Mississippi River backwaters, below Lock & Dam #8

the Black Hawk bridge in Lansing, Iowa

First up was to head east to Richland Center and then on to the Slimey Crud run in Leland, west of Madison. Once in Wisconsin, we took: C - X - H - 171 - E - Q into Richland Center. Or that's what my notes said anyway. The next bit of notes says, "N - Wikson" and "E - A, 22 - O", whatever that means. I was happily following my dad, an experienced road hunter.

We made a few stops south west of Baraboo before making "the crossing" back to Hartford Wisconsin, our final destination of the day. The first was for a short walk at Pewit's Nest that took us back to a beautiful swimming hole and slot canyon. There were kids swimming in Skillet Creek so I don't have any picture of the terminus of the canyon. The air temp was in the 70's but the spring water must have been cold.

photo by: Peter Gorman

Our next stop was at Dr. Evermor's Forevertron. Maintained by his wife and daughter, this is a must stop art park off of highway 12, south of Baraboo. 

Being a Guzzi rider, this bust caught my eye.

The Forevertron with Triumph for scale.

I made this map the day after the ride, it stays true to my cryptic notes.

From the Forevertron, we made our way back east across highway 16 to Hartford. I got to hug my mom, have some dinner, and a good night's sleep. In the morning, I'd be heading back to Saint Paul, only to come back to Hartford the following Friday with the rest of my family.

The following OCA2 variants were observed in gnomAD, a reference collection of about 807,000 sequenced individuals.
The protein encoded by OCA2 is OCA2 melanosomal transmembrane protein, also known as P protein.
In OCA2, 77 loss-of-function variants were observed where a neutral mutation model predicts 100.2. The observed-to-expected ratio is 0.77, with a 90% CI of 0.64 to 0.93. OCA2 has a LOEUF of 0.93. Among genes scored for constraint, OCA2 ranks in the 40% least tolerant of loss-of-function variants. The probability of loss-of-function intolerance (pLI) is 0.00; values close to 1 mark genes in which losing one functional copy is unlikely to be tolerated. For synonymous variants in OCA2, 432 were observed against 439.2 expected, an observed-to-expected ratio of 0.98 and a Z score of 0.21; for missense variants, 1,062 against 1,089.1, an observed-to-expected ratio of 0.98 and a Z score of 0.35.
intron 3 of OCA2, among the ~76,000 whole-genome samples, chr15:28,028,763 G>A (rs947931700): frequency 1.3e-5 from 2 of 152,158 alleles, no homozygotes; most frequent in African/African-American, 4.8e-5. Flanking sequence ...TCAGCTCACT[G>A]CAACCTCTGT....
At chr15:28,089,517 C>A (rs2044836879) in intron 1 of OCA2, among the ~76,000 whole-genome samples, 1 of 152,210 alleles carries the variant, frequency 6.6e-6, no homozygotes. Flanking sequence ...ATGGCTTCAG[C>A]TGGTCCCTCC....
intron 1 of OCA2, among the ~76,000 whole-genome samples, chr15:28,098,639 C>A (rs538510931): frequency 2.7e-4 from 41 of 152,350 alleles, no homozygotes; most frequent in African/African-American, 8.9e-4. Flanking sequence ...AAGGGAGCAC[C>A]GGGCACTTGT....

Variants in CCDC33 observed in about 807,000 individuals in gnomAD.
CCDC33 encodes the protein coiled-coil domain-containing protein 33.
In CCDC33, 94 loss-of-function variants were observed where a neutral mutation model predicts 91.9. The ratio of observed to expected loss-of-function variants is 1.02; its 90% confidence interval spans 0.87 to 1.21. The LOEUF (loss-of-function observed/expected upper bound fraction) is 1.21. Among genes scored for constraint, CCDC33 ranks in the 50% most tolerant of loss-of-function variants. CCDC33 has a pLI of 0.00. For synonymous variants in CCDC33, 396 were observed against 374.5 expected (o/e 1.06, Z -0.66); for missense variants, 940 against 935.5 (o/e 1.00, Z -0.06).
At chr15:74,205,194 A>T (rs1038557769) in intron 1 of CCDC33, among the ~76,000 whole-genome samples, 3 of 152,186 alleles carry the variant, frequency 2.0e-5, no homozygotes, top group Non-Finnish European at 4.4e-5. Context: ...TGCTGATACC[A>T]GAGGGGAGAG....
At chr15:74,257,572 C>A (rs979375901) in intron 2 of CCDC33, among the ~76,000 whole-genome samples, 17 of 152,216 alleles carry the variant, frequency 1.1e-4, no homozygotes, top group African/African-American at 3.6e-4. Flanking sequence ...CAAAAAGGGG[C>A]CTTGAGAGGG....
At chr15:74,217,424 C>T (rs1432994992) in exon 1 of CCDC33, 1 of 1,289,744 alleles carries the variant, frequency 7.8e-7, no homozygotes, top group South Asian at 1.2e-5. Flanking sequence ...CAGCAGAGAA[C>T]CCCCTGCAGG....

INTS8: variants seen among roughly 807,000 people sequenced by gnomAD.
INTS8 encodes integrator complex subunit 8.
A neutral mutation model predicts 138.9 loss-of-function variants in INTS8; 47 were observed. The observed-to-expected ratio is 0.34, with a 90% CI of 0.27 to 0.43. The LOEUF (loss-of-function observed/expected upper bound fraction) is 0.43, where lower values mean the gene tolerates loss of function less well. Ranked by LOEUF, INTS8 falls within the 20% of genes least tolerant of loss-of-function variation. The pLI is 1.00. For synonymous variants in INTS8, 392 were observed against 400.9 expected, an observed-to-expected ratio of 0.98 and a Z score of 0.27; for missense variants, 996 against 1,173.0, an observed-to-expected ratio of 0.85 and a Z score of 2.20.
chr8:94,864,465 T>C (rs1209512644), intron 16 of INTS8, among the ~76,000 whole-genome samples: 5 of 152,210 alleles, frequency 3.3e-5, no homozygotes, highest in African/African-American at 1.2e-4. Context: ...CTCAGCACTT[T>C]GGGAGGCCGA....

It's good to be back.

- Ride North

May 2nd | 106 miles | 2 hours | 80f dodging thunderstorms

May 3rd | 280 miles | 8 hours | 70f and beautiful 

Sunday, April 25, 2021

Seven Mile Creek

 Seven Mile Creek park is about halfway between Saint Peter and Mankato on US highway 169. The "crick" is a beautiful little stream that comes down out of the Minnesota River's high bluffs. The park has hiking trails to explore and grills for cooking, all of which were being used on this warm spring evening. The portion of the park across the road provides access to the Minnesota River. Like south east Minnesota, the rivers here are extremely low. Without some rain, we may be looking at a drought year.

A good sitting spot on the Minnesota River. 
In a normal spring, this would be under many feet of water.

The V7 is getting a workout this spring.

Seven Mile Creek - a trout stream fed by groundwater.

Saint Peter sandstone, some of the finest anywhere in the world.
It's also known as frac-sand.

The V7 and I celebrated Earth Day a little too enthusiastically.
It was a full tip over onto what looked like solid ground. 
(zero damage to the bike or my pride)

Still purdy as ever. 

The V7 goes in for its 600 mile service next week. This ride bumped the odometer up from 370 miles to 550 miles and was the first ride to break the 2 hour mark. It was very comfortable at 70 mph, the motor just humms along at about 4k rpm. The seat kept me cozy for the duration. The ergonomics weren't too bad, it's a sharper bend at the hips than my Norge and my feet are forward. It does the "sportster trick," where you move your feet to the passenger pegs for a more aerodynamic riding position. When you're putting the miles in, it's good to have options. 

Overall, I'm very happy with the bike, it does everything I want it to do. 

- Ride North

April 22nd | 64 - 55f | 180 mi. | 6:00 - 9:00 PM